VinciWorks has just released a new five-minute knowledge check that tests users’ knowledge of the sanctions regulations and is in line with the Sanctions and Money Laundering Act. The knowledge check uses scenarios to help users understand the best course of action to take in different situations. The knowledge check is part of the Sanctions training suite, which includes the latest course, Sanctions: Know Your Transaction, and can also be purchased alone.
VinciWorks’ knowledge check series
While staff must be aware of the latest laws and regulations, as well as best practice, it is important that they refresh their knowledge every so often. VinciWorks’ knowledge checks allow businesses to verify and assess your staff’s knowledge of key compliance areas. We are therefore continually adding new knowledge checks to our training suites and have provided a way for businesses to create their own as well.
View knowledge check series
Impact of the Sanctions and Anti-Money Laundering 2018 Act on the Crown Dependencies and British Overseas Territories
Following an amendment to the recently enacted Sanctions and Anti-Money Laundering Act which will introduce public ownership registers in British Overseas Territories, the amendments sponsors Andrew Mitchell and Dame Margaret Hodge will visit the Isle of Man to persuade the government to create a publicly accessible register of beneficial ownership.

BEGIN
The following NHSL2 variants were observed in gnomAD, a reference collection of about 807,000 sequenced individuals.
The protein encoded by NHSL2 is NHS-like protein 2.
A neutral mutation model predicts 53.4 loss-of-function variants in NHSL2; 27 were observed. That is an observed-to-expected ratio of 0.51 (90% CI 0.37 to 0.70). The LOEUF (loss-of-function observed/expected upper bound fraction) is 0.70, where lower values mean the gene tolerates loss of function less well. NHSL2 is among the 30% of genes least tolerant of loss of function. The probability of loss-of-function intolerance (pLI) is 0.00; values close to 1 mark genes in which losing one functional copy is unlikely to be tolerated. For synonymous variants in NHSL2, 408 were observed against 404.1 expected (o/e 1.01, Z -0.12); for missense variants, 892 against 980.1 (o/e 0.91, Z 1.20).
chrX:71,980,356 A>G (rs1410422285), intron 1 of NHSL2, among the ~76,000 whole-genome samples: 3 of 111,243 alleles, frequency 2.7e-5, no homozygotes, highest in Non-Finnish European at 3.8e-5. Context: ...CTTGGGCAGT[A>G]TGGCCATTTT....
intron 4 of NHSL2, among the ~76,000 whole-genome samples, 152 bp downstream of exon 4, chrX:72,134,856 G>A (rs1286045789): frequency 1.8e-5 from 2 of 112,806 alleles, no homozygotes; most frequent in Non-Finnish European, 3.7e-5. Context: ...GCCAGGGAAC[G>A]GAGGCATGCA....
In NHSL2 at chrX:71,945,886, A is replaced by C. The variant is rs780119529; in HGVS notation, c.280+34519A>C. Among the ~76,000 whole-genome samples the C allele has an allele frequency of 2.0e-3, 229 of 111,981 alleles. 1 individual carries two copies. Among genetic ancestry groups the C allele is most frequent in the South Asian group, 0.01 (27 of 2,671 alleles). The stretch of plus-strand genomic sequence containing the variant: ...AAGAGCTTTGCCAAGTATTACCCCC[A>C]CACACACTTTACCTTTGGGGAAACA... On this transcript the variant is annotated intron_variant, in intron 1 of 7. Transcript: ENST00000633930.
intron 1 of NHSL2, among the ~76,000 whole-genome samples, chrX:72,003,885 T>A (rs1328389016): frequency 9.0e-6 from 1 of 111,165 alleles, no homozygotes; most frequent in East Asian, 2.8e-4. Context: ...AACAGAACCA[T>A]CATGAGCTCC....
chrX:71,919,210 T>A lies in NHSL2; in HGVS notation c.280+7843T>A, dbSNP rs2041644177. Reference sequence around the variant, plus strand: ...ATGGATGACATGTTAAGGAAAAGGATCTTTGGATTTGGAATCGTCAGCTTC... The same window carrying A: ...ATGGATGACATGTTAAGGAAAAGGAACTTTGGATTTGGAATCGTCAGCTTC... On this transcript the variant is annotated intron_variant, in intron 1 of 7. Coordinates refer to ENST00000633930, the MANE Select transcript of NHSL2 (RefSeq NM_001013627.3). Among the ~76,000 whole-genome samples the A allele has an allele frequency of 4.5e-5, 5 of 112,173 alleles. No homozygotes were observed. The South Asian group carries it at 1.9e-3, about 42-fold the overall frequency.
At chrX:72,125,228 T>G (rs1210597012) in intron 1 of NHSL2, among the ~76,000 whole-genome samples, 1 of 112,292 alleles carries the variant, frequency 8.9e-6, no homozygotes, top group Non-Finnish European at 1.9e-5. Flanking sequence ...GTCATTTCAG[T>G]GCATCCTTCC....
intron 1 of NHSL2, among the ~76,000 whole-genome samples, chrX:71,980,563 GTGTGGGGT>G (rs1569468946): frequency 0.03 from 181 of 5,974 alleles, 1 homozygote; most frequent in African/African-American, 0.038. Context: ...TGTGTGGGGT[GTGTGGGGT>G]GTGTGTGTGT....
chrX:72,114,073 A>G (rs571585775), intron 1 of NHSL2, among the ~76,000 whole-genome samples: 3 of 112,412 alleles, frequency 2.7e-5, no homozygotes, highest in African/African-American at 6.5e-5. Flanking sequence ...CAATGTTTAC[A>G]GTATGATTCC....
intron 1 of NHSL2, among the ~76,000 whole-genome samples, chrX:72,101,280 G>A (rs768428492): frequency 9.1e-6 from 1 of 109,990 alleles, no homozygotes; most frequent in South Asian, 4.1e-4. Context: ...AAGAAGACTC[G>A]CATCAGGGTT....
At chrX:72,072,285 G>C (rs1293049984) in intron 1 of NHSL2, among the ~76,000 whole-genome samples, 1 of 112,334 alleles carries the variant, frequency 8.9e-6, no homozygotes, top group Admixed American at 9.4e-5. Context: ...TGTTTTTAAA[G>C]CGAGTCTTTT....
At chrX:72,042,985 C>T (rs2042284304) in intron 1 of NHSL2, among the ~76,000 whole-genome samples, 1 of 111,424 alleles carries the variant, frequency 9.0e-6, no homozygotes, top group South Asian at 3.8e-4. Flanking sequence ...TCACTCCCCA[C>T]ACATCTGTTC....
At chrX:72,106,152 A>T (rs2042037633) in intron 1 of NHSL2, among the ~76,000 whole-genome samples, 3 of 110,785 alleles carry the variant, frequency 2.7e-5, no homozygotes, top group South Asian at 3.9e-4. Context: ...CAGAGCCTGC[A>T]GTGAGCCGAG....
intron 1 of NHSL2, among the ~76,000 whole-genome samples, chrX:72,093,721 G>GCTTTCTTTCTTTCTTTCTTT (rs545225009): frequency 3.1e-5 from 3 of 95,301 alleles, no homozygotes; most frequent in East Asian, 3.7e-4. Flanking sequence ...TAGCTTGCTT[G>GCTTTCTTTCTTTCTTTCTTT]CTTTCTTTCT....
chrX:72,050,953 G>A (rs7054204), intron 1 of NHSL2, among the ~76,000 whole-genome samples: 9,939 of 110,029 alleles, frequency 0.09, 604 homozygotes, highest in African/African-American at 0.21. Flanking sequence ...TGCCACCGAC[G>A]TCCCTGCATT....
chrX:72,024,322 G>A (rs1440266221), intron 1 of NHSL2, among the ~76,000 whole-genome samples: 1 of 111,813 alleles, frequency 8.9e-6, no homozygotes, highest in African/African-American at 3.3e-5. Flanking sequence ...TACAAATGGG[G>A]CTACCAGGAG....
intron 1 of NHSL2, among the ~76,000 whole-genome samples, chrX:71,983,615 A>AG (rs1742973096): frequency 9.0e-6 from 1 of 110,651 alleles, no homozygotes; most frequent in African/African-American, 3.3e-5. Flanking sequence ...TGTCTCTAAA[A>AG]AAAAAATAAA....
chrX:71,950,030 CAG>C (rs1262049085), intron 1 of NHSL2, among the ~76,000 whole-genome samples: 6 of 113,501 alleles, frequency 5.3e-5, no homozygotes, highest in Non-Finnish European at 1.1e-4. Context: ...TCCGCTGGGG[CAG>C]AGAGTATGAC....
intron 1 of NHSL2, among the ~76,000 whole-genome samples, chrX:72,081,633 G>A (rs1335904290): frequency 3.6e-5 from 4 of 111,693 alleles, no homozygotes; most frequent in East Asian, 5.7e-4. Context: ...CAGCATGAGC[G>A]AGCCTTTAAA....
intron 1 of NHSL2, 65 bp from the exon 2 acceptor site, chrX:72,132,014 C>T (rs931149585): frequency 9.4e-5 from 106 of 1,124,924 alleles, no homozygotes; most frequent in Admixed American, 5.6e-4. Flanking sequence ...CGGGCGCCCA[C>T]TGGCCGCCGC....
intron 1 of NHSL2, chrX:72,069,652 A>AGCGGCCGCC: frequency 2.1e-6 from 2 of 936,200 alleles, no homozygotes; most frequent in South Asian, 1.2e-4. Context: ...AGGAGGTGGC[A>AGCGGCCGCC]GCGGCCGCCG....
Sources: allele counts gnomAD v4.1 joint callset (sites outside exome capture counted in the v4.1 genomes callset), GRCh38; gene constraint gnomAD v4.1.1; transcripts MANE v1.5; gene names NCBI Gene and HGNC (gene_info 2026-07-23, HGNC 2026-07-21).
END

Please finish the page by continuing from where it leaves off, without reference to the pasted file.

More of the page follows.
Currently, the Manx Government’s central register is only accessible to law enforcement and tax officials, but the UK government is keen for the Crown Dependencies to adopt the approach being set out in the EU’s Fifth Anti-Money Laundering Directive.
The GDPR knowledge check presents instant feedback after the user has answered a question
Verify and assess your staff’s knowledge of key compliance areas such as GDPR, anti-money laundering, anti-bribery and cyber security with our new series of five-minute knowledge checks. Each knowledge check presents 10 questions, with feedback automatically given after each question is answered. Distribute the knowledge checks across your organisation to evaluate the level of understanding, allowing you to decide on next steps for training procedures. Feedback is given after each question is answered, allowing users to improve their knowledge while completing the assessment.
The knowledge checks are included in the licence of any training suite relating to that topic and are available immediately. To learn more, contact us.
Free knowledge check demos
Below are just some of the demos to our knowledge checks. Alternatively, view our full suite here.
VinciWorks has created two contract clause templates that can easily be edited to suit your organisation’s contact persons, industry, and internal policies. These contract clauses allow businesses to withdraw from their contract with either a supplier or employee should they be found to be offering or accepting bribes. Here is some guidance on what should be included in these clauses, as well as a link to download them. These templates are also included in the VinciWorks’ anti-bribery resource page.